How to Illustrate a Children's Picture Book Part Two: Thumbnailing a Storyboard | Claire Lordon | Skillshare

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How to Illustrate a Children's Picture Book Part Two: Thumbnailing a Storyboard

teacher avatar Claire Lordon, Author-Illustrator

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Taught by industry leaders & working professionals
Topics include illustration, design, photography, and more

Watch this class and thousands more

Get unlimited access to every class
Taught by industry leaders & working professionals
Topics include illustration, design, photography, and more

Lessons in This Class

    • 1.



    • 2.

      The Story


    • 3.



    • 4.

      The Structure of Picture Books


    • 5.

      Pagination with an Example Manuscript


    • 6.

      Paginating Your Manuscript


    • 7.

      Putting Text onto Storyboard


    • 8.



    • 9.

      Final Thoughts


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About This Class

Learn from multi-published author-illustrator Claire Lordon as she teaches you how to thumbnail a children's book. Second in this three-part series, Claire will teach you how to create a storyboard with thumbnails. A storyboard is a tool used to show rough sketches of an entire book. This class covers the structure of picture books, learning to paginate a manuscript, creating a storyboard, and finally sketching a storyboard.

This class is perfect for anyone who loves illustrating, drawing, writing, and all who love children's books. Taking Part One of this series is not necessary but extremely helpful. While no prior experience is needed, it is helpful to come into the class with some drawing, character design, knowledge of picture books, and composition skills.

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Meet Your Teacher

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Claire Lordon



Claire Lordon is an author and illustrator in Vancouver, Canada. She creates children's books, surface designs, murals, maps, and greeting cards for a number of companies.

She is the author and illustrator of "Lorenzo, the Pizza-Loving Lobster" (little bee books) and illustrator of "Over at the Construction Site" (Word... See full profile

Level: Intermediate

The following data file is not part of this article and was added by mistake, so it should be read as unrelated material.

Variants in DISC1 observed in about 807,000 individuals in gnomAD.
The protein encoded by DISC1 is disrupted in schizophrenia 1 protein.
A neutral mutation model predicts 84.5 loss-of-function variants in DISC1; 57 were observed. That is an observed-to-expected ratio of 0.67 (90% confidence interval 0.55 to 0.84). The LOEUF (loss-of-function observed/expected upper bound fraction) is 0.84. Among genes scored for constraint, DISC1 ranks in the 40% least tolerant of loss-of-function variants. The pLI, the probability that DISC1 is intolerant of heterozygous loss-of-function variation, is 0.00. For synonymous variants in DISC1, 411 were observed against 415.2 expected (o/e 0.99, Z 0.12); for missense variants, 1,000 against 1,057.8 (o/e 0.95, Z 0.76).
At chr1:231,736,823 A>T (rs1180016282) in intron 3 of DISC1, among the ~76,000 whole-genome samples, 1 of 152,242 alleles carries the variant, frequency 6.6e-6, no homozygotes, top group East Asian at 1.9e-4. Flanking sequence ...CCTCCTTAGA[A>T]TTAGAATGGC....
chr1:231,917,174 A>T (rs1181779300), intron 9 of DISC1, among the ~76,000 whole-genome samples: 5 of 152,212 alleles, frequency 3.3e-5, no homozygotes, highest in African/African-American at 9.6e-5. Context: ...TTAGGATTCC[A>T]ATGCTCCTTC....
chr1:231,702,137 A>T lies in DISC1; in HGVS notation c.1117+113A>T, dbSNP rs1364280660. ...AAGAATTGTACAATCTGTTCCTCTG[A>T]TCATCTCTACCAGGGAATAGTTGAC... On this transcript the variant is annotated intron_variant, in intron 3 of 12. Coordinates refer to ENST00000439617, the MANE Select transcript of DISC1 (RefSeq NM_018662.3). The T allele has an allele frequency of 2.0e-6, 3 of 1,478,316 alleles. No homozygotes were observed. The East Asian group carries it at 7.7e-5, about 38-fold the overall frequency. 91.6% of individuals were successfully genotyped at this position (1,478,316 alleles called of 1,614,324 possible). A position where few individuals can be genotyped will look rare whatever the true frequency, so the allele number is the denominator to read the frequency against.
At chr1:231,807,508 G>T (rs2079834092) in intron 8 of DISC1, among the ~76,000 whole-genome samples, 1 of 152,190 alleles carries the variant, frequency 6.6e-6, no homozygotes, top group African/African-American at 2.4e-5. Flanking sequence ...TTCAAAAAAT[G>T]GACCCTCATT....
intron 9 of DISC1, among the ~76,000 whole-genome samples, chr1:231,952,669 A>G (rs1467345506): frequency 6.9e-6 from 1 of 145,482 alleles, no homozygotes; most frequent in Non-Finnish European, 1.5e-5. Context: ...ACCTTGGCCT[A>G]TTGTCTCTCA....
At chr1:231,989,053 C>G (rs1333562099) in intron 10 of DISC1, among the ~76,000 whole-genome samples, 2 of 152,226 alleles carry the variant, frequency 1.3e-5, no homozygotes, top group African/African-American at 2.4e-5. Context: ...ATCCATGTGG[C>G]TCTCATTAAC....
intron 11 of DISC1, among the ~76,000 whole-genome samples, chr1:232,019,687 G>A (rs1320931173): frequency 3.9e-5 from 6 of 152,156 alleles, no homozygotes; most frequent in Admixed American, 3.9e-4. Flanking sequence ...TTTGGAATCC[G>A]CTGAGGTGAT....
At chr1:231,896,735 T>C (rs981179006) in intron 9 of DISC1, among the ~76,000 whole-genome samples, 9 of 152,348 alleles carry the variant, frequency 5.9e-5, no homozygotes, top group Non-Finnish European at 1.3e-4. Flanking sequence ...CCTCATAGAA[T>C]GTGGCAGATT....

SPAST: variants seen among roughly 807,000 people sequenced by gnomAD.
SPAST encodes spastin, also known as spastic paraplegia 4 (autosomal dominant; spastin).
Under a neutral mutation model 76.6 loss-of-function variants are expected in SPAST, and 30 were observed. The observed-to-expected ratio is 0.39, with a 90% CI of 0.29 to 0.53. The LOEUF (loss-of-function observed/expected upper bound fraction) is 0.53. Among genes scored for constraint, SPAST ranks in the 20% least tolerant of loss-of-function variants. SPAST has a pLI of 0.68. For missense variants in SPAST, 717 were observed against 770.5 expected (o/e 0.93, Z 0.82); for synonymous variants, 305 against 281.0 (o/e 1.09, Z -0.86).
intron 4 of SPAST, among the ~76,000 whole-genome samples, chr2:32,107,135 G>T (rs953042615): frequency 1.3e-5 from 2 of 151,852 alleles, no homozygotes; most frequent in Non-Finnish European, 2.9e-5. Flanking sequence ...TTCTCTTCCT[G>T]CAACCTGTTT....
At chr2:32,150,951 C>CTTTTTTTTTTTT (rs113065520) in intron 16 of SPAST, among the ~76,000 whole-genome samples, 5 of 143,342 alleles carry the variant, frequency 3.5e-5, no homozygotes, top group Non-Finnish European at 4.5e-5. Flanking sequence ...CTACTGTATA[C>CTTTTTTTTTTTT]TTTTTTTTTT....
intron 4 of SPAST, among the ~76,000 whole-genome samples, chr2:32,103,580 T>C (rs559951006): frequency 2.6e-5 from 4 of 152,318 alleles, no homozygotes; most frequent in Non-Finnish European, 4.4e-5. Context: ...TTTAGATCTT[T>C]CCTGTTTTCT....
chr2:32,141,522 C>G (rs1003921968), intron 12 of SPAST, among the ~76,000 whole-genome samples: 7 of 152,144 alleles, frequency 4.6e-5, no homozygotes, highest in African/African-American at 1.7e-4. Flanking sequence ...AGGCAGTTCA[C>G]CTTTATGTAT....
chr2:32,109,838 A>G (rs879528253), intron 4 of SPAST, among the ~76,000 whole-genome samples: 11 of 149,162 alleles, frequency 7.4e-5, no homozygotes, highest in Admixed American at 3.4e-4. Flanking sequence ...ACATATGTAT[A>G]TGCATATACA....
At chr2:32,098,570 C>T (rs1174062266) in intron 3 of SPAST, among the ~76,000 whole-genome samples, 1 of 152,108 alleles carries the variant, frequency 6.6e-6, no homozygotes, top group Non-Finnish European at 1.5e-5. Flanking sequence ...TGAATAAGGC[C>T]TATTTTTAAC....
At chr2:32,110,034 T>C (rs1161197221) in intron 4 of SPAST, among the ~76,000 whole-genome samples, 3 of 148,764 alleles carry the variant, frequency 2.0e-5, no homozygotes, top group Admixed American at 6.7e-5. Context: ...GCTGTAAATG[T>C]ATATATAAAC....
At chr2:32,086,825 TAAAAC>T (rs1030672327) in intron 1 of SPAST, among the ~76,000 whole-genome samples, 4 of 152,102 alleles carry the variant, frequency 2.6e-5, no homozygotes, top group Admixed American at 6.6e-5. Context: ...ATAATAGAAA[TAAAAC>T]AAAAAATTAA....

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1. Introduction: Hello and welcome. How to illustrate Children's picture book Part two. Don't nailing a storyboard. You're gonna need characters for this class. And although you didn't have to take part one of this course, you're going to find it extremely helpful. Toe have some character study for your story that we're gonna thumbnail into a storyboard. So this course is going to go over learning the structure of picture books. Had a passionate and manuscript how to create a storyboard and finally sketching thumbnails for a storyboard. Some nailing is one of my favorite parts of creating a picture book, and I'm excited to share my knowledge with you. Let's get started. 2. The Story: hi again. So the story that we're going to use in this class to create our thumbnails and eventually are booked at me, which is like a rough draft, is the story of the tortoise and the hare. This just this is the same story that used to create our characters. In part one of this series. I have her in the version of the Tortoise and the Hare, and it's available in the class material section. You are also welcome to use your own stories as long as their original and don't infringe on anyone's rights. So if you're gonna use my version of the tortoise and the hare, take the time right now to look in the class material section and read over the story, and I'll see you in the next video. 3. Materials: hi again. So besides your creative machination, there are a few other material she will need for this class. I also want to take this time to go over some terms I'm gonna be using. A spread is two pages that are facing each other. A thumb now is the smallest gets spread on a storyboard, and a storyboard is a collection of thumbnails that outline and show the pacing of a picture. As far as materials goes here says that some supplies that you only only at pencil and a pencil sharpener you will need any researcher to you will need a preacher. Access to one will need. Masking tape doesn't matter the woods or color as well as scissors. He will also need to download a few materials in class material section. Depending on your printer, there are few files to choose from. If you have a large format, creatures that prick up to 11 inches by 17 inches, you are going to download the file titled Storyboard 11 x 17. If you have a standard partner that can print 8.5 inches by 11 inches, you download the file titled Storyboard 8.5 X 11 that look eighth East to pages. No matter what should be above you're going to use, you will need to download 2 to 3 copies. Download and print 2 to 3 copies of the file titled Extra Stress. This file is for it, and 1/2 inch by 11 inch paper has extra spreads and frames from it. You will need to cut these out and have a good supply on hand. I would like to use paper that is, um, a little bit thicker than your standard paper. But center paper's gonna work to whatever you have. Not now that we have our supplies. You can move on to the next video. See you then. 4. The Structure of Picture Books: e again. So before we dive deep in the looking into our manuscripts, we need to go over the structure of picture books. I'm gonna be using My Lorenzo, the pizza loving lobster book throughout this class. For examples, most standard picture books are 32 pages. This includes the cover and the papers. There are picture books out there, however, that even 40 or 48 pages, but the most common is 32. The structure that we're going to use is called a 32 page self and the book. You're probably wondering what self ended means in the effects that the end papers are part of those 32 pages, and the papers are at the very front and the very end of the book. These air pasted down to the cover, and sometimes they have art on them. Or sometimes they're just a plain color. Just so you know, there's something called a 32 page separate and the book where the and papers are not in that 32 pitch count. It's a little bit less common and a little bit more confusing, so we're just going to stick to the 32 page self edit book. Okay, so in the picture book, besides the story, what holds doing you to make room for? I already mentioned the n papers, but we also need to make room for a dedication and a copyright page, which there usually on the same page. We also need make room for a title page in picture book. She'll find that sometimes these have different pages that you can find them on. Sometimes you find a dedication back, but for our book, we're just gonna put it in the front, which is where you usually find it. There are also different kinds of illustration to use. There are spot illustrations, full bleed, single page illustrations and full bleed double page spreads. I'll talk more about this later. There's also a relationship between the text and pictures. The tax should, in most cases, not tell everything that's going on, an illustration that would be kind of boring. The tax should be a stimulus to what the illustration is. The text should tell half the story, and the other half of the story should be told in an illustration. This way they make a nice, complete whole. That's kind of like balancing each other out, for example, the story of the tortoise and the hare. In the one I wrote. I left much room for interpretation and room for you to bring something extra to the illustrations. It could be interpreted in many different ways. You also need to keep in mind what type of illustration is going on. It spread. You can choose a spot illustration, which is an illustration that is cut out or has a white space behind it. You can also choose a full bleed single page, a restriction, which takes up one page or half of this bread. Here's an example of this. The last option is a full spread, which is one illustration that takes up two facing pages. Ah, full bleed illustration means that the illustration goes toe all four corners of the single page or the spread. Now that we know more about the structure of picture books, that's all for this video. In the next video, we're going to talk about more about the pagination with an example script going off what we learned in this video. See you then 5. Pagination with an Example Manuscript: hi again in this video. I'm going to show you how I catch it In my book. Lorenzo, the pizza loving, lobster paginated ing, means dividing the text in the course, spotting pages on the storyboard. Just a side note the text I'm sharing if you are copyrighted and cannot be used in whole or in part and any form. Also, let's just talk about something magical about picture books. It's pay insurance. Patients are these magical happenings that reveal surprised, create a pause and more patriots are super important and picture books, for example, Imagine routing the text. The rocket ship was about to take off 321 blastoff. Sure, you could show these onto a single page illustrations facing each other. But think about how much for powerful and exciting with me. If that read, the rocket ship was about to take off 3 to 1 on one page. Then you have a full page turn and it's a full page, Brother says. Blast off the pacing of the but could help determine where to make patients. Does the scene check suddenly is the locations at different is their heightened drama, and you want to be careful where you make a patient because where it's place can make it the peace and feel kind of offered. So after Captain for the Cover, which is Page one and papers just two and three and the dedication of copyright pages as well the title pages pages four and five. The story can really only take place between pages six and 29 pages. 30 and 32 are the back and papers as well as the back cover. At this point, I was pointing out my manuscript and start grouping things together. Keeping pace hers and mine. I just used to money is to create a less that design to group thinks together, but he could do whatever works best for you. I don't worry about page numbers right now, or how many of these group is I have, because I will go back later to edit and revise. I usually started to be getting and go from there. Maybe you can even imagine with the art might look like on each page. Once I had everything groups, I go back and revisit the pacing, how it's working or not working after this is when I start a sighting page numbers. I usually have to race and regroup a lot before I have a final version I'm happy with. Take your time on this And don't rush. Take a look in the class Michiko section at the file titled Lorenzo Without Pagination. Make sure you don't look at the one with pagination yet. That's what Later. The 90 script without pagination is not my manuscript that looked like when I was writing the story before it was published. This was before I decided what text at accompanying illustration would go on each page. I'd like you, Teoh. Take some time right now to read through this. What areas? Mickey, pause. Where do you see lots of action? Where is it? More slow. Go ahead. Possibly video and come back after you've read it. Now have you read it? You get an idea of the pacing of the story. You will need to know the pacing of a story to paginated. Well, after you've looked at it and analyse the Lorenzo without pagination pile, you can now look at the file titled Lorenzo with Passion Ation. This shows you the pagination I find life Before I went to my storyboard take a look and examine where Group things together and put the page shirts in the next video. We're gonna look at your manuscript or the one I provided, and you're gonna paginated it. See you then. 6. Paginating Your Manuscript: Okay, so now that we've gone over the example of how to patch in eight a manuscript, it's your turn. Use the file in the class material section titled Tortoise and the Hare Are East. Your own original manuscript. I've had the version of the tortoise and the hare to be very flexible. It's pagination. There's no right or wrong way to do it. Because there are multiple approaches. I recommend putting it out and then reading over a few times. Then take your pencil and start to group Bunches of text together. Go back and edit and rise it until you're happy. Use the tips I shared in the last video. You may want to go back and watch it again. Once you have grouped the texts into a version that you like, you can start adding the page numbers. Remember, you really only have pages 6 to 29 to work with after you taking camp for the cover and pages title page, etcetera. Once your script is pageant it, you can probably move to the story war, which I will cover in the next video. See you then 7. Putting Text onto Storyboard: Okay, so now you know what text goes on each page. Let's add it to our storyboard. But before you can do that, we need to set it up. Take the materials that we gathered back in video three. The first thing you want to dio is toe use your masking tape and make a bunch of little loops like this so little like that bringing a bunch of these, Then you're gonna need to take the file title, extra spreads. And if you haven't already, you want to cut out each of the spreads like this. You're gonna take each spread and put a little piece of tape behind it and put it on. You're corresponding, storyboard. So let this. If you use 8.5 and 11 paper, you're gonna have your store aboard look like this. So you're gonna need to cut out each side and then you see how there's a little bit overlap . Overlap it and then you'll have your full storyboard that day. So once you have done this, you need to do it for the rest of the story board. Just remember that pages one and 32 are only half spreads so I'll catch up with the use of it As I finish all this and through the magic A TV. I have all my spreads attached to my storyboard. So next you're going to start writing a little phrase or text underneath what's going on in that pager spread. So I already did this, um, using my handy paginated manuscript to help me out. So, like page one is going to be cover pay just 2 to 3 as well as pages 32. 31 are going to be your pages. They just 32 page 32 is gonna be your back cover. So page four is gonna be your copyright and education, and Page five is going to be your title page. So, um, after I did these basic ones, I just started filling in. If what? I had paginated on my manuscript. Here are some examples of phrases I put underneath my pages. They don't have to be very detailed. Just a little something to jog your memory about what's going to go on each page or spread and feel free to play around with something. If it isn't working. Store boarding. Is this great part in the process where you can, you know, play around the things, switch things up. You know, just see how, um they kind of work in different ways. Um, So I want you to go through, put your text underneath all your different spreads. And once you've done that, we can move on to the next video where we can start sketching. Okay, CNN. 8. Sketching: Okay, so this lessons all of that sketching we're gonna finally start sketching or thumbnails. This is one of my favorite parts of creating a picture book. It's so much fun, and I hope you enjoy it. One of the nice things about working at this stage is you don't have to start sketching an order. You can start sketching and using that appeals to you. But before you do that, there are a few things I want to go over when illustrating a spread. Want to make room for the middle of the spread? Um, this is known as the gutter. You want to make sure that there's no important information crossing in the middle of the after gutter like no middle of the faces. Nothing important. No text there. Nothing too close to the government. I like about 1/2 inch of safety on either side. Um, and here's an example. I asked, want to go over how pages should show movement and progressive and a left to right side manner? Um, because this is how the book is going to be experienced. This includes text as well as a illustrations. Here's an example of that. As you can see in the illustration. On the top, the movement goes from the left to the right, following the path on the illustration on the bottom. You can see that the start of the illustration, really you enter it on the right and you go towards the left. Usually you want to go from left to right, cause that's the way that the book is going to be experienced. There are always exceptions to the rules, such as a pause, but usually most of the time you go left to right. You also want to make sure that you just leaves in space for the text. Just have a rough idea of where you want to put the tax within the illustration. Just no planning for it at the stage is really helpful. For example, just having a rough idea of where the text goes is gonna help you when you move on to our dummy. Another thing you want to keep in mind when you're creating your thumbnail compositions is the perspective and where your character, here's our are your characters close up or far away. What's the angle that you're viewing from? Is it from above? Is an eye level. Is it from below, or is it from something more unique, like inside and oven? Consider changing your perspective or point of view throughout the pages of your book. This way, it'll be a bit more dynamic and a little bit less monotonous. Another thing you want to keep in mind is when you're designing your bigger spreads or even some of your smaller ones, you want to make sure you have, um, three different kinds of elements within the help give, you know, balance and the show, distance and scale. You want some item within the composition to be really close up. In this case, this is the big mom penguin on the left, as well as the bush on the bottom. You also want something in the middle distance. This is the penguin that's walking along the path with big backpack, and you also want something further away. So this is the mail box as well as the bus, and you can also include the back bushes in This is well, this helps, you know, bring it all together rather than it feeling too far away. This feels that you're just right there, um, also before sketching. It's important to know what your characters are gonna look like. If you join me in Class one already have those, right? If you don't ever characters ready, I'd do that. Now, before you move on the sketching your thumbnails so much happier characters ready? Let's get started sketching. So what? I start sketching my storyboard. I usually skip the cover and pages and copyright slash title page just cause I just want to dive into the story and do these at the end after I know how. My story is kind of looking visually and you can just go in any order you like. So here's my sketch for the first spread. Um, I just want to show you that you want to be nice and loose at this stage. Don't get caught up in the details. Um, you want to show movement, and you also want to make sure that your sketches have life to them. By this point, you might be wondering why these spreads have tape on them. Well, it's to give you flexibility in case you want Teoh replace it with a new spread. Let's say you messed up and you don't like it or let's say Hey, you know, this isn't really working on this spread. I should move. Ah, you know, a little bit over. So this. What? You don't have to redraw it again. I came up with this system myself, and it saved me so much time. So I really hope I helped you. Basically, you continue sketching and rearranging things until everything has played, has sketched and has a nice pace to it. Don't rush the stage. It could take me days, weeks or even months to finally get a sort board that I'm happy with. Take the time to look in the class material section at my finished storyboard of the tortoise and the hare. This could give you some idea of what your storyboard might look like. This finish your board will be very critical for creating your final book. Donny, once you've reached that stage, were you happy with your thumbnails and your storyboard? Join me in the next video where I go over some final thoughts and the next steps. See you then 9. Final Thoughts: I just wanted to say thank you for joining me in this classic. I hope you learn so much in his class and had some funds to worry boarding and someday Ling Teoh. When you're having fun, it really shows in your work story boarding and some nailing some of my favorite parts of creating a picture. But and the final part of this class is to upload a photo of your storyboard. I want to see your projects, I really do, whether it's a storyboard of the tortoise and the hare by your own original story in Part three, the final class of the Siri's I'm going to go over how to create a Children's picture book , Danny, which is like a rough draft of the picture book you'll be using your finished the right board from this class to create your dummy, which will be a great addition to any illustration. For four years. I hope to see you in Part three, creating a Children's picture book that me thanks season